The people of Egypt are being mislead. The millions in Cairo can’t be demanding democracy because they aren’t demanding what Milne wants them to demand. They are being passed like a ball between progress and reaction, forces so abstract that no one would ever dare to question their existence.
Milne’s stress on the importance of leadership is hardly refutable; but his argument, funnily, is the very same employed by Tony Cliff when he justified the bureaucratisation of International Socialism to the closed clique of the Socialist Workers Party. As early as the 1960s Cliff had been panicking about the “danger that we’ll become mindless militants. It’s true that theory without action is sterile, but activity without theory is blind.” What they really want is the old Stalinist image of “democratic centralism” – elect whomever you please. Provided they’re far left prophets – or, for Milne, anti-American demagogues hungry for “national independence”.
Why, man, why?
The narrative in which Communist sympathisers flirted with the far right is well-rehearsed (see Cohen’s oft-quoted What’s Left?); Milne, shamelessly predictable as he courts it.
Since the fall of their mother country, Soviet apologists have only be able to defend their credibility by shedding their old rhetoric and instead donning the bland uniform of the guerrilla journalist. “Capitalism”, once the umbrella for all modern evils, has been secularised to “neoliberalism”. “Imperialism” has broken free of its Leninist principles and come to mean any action undertaken by any member of any American government. The West is out to get them. One imagines their self-worth: a Jesuit missionary traversing the winter of the Elizabethan Reformation to save whatever lost pilgrims he can – and so if it requires petty alliances with the far right, then so be it. The means justify the ends. And not even a trace of irony.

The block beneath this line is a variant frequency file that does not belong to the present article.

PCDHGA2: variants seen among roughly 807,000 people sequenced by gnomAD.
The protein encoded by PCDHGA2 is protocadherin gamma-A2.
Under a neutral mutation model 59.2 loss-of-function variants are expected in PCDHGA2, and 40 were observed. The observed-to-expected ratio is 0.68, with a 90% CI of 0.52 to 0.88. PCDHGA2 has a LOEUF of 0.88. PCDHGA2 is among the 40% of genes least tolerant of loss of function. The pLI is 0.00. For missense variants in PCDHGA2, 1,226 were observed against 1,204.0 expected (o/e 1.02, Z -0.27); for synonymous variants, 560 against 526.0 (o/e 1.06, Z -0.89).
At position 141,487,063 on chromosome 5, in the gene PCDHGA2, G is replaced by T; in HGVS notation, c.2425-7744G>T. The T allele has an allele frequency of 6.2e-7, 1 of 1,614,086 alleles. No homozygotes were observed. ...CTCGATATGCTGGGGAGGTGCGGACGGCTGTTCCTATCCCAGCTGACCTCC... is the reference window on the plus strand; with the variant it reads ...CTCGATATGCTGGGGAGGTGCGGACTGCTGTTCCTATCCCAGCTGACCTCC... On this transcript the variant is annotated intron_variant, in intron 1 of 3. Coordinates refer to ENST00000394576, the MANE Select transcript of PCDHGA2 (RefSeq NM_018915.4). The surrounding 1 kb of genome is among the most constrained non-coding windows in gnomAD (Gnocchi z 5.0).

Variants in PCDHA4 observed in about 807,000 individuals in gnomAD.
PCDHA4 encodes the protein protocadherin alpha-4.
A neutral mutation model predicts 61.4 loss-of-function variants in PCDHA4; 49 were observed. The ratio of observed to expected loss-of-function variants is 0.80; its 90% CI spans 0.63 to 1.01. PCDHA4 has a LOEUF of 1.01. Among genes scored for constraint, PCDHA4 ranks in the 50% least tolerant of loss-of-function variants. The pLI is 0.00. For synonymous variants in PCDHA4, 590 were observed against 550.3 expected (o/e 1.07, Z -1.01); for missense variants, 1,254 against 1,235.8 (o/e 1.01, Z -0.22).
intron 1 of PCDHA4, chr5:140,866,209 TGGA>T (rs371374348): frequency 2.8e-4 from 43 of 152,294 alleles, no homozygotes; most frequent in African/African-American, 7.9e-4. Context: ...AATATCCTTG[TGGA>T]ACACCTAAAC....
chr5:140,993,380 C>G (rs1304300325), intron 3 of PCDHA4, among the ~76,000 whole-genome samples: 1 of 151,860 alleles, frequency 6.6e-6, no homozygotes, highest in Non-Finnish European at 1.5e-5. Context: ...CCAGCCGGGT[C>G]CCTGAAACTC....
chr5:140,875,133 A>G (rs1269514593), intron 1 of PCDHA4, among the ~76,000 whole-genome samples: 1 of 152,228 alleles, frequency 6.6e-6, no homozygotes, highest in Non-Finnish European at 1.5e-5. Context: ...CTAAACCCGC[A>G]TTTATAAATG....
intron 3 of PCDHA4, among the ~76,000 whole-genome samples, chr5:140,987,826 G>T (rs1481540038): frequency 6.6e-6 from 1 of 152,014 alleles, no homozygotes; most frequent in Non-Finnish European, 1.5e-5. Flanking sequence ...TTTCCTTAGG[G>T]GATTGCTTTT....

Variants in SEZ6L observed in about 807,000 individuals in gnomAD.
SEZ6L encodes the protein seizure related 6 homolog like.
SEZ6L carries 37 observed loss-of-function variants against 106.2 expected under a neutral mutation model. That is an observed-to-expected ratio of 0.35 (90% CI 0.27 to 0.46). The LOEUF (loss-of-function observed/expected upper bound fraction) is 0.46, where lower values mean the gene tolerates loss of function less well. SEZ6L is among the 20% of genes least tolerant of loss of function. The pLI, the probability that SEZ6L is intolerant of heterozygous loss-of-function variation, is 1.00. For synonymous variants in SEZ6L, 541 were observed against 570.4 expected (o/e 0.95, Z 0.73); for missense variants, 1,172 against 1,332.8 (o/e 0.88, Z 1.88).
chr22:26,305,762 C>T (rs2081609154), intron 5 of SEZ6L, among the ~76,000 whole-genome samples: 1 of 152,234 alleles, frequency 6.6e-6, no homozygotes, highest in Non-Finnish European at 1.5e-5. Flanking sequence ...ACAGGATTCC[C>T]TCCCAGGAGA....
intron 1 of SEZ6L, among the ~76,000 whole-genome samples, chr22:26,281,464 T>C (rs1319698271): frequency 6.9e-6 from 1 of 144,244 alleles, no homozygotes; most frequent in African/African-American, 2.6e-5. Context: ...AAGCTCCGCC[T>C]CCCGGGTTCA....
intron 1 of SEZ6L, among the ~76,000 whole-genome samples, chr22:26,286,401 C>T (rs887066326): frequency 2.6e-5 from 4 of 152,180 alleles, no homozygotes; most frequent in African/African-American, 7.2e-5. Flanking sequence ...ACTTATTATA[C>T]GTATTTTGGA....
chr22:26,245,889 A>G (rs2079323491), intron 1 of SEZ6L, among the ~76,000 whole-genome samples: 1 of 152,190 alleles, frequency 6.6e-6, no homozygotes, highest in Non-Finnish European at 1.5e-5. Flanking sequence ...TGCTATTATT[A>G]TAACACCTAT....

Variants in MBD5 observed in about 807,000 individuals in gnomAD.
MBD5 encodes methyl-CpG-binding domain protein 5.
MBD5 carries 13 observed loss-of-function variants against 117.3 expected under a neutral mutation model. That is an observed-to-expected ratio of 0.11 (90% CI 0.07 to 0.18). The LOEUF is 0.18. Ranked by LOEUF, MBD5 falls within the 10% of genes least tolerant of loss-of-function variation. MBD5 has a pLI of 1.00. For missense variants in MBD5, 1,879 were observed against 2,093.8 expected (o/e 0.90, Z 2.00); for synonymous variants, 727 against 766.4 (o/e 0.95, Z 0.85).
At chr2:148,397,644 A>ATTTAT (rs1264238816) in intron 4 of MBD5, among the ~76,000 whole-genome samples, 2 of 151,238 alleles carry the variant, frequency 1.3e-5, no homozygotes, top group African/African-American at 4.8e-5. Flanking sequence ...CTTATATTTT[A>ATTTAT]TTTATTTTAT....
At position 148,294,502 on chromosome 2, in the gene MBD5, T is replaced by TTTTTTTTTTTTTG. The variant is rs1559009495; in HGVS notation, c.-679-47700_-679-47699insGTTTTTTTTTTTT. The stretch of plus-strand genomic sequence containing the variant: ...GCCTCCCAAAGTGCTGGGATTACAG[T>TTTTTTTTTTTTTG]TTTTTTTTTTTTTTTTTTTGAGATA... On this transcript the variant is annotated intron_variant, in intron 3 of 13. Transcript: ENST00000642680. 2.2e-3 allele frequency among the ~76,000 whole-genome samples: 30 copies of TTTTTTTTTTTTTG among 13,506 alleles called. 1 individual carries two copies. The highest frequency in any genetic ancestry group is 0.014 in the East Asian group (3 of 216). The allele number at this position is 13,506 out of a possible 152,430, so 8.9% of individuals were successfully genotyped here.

Plenty of contradictions though. (They love them.) Liberal democracy and imperialism are – to any sane observer – irreconcilable; granting sovereignty to a people, in principle, guarantees their right to self-determination. No, no, not to the truther crowd; no because everything’s Orwellian and war is slavery or ignorance and peace or something (they don’t know what they mean so I’ll be damned if I’m going to try). Democracy is most certainly not democratic. You’re no doubt seeing some milder parallels with the lunatic Alex Jones here. Other signed-up members include Galloway, Greenwald, the Stop the War Coalition, Respect and even some of the Greens.
Solidarity with the Sheeples!
It really won’t do.
The most obvious are the European revolutions of 1848, which were also led by middle-class reformers and offered the promise of a democratic spring, but had as good as collapsed within a year. The tumultuous Paris upheaval of May 1968 was followed by the electoral victory of the French right. Those who marched for democratic socialism in east Berlin in 1989 ended up with mass privatisation and unemployment. The western-sponsored colour revolutions of the last decade used protesters as a stage army for the transfer of power to favoured oligarchs and elites. The indignados movement against austerity in Spain was powerless to prevent the return of the right and a plunge into even deeper austerity.
Notice: not “Western-supported” or “with Western sympathies” but “Western-sponsored“. What a slimy euphemism. It apparently doesn’t matter that there aren’t any figures to paint them as Western-funded; for Milne and his crew, there’s no distinction between the media against whom he believes he’s fighting – despite being himself a part of it – and the “ruling classes” who keep stealing his proletariat revolutions.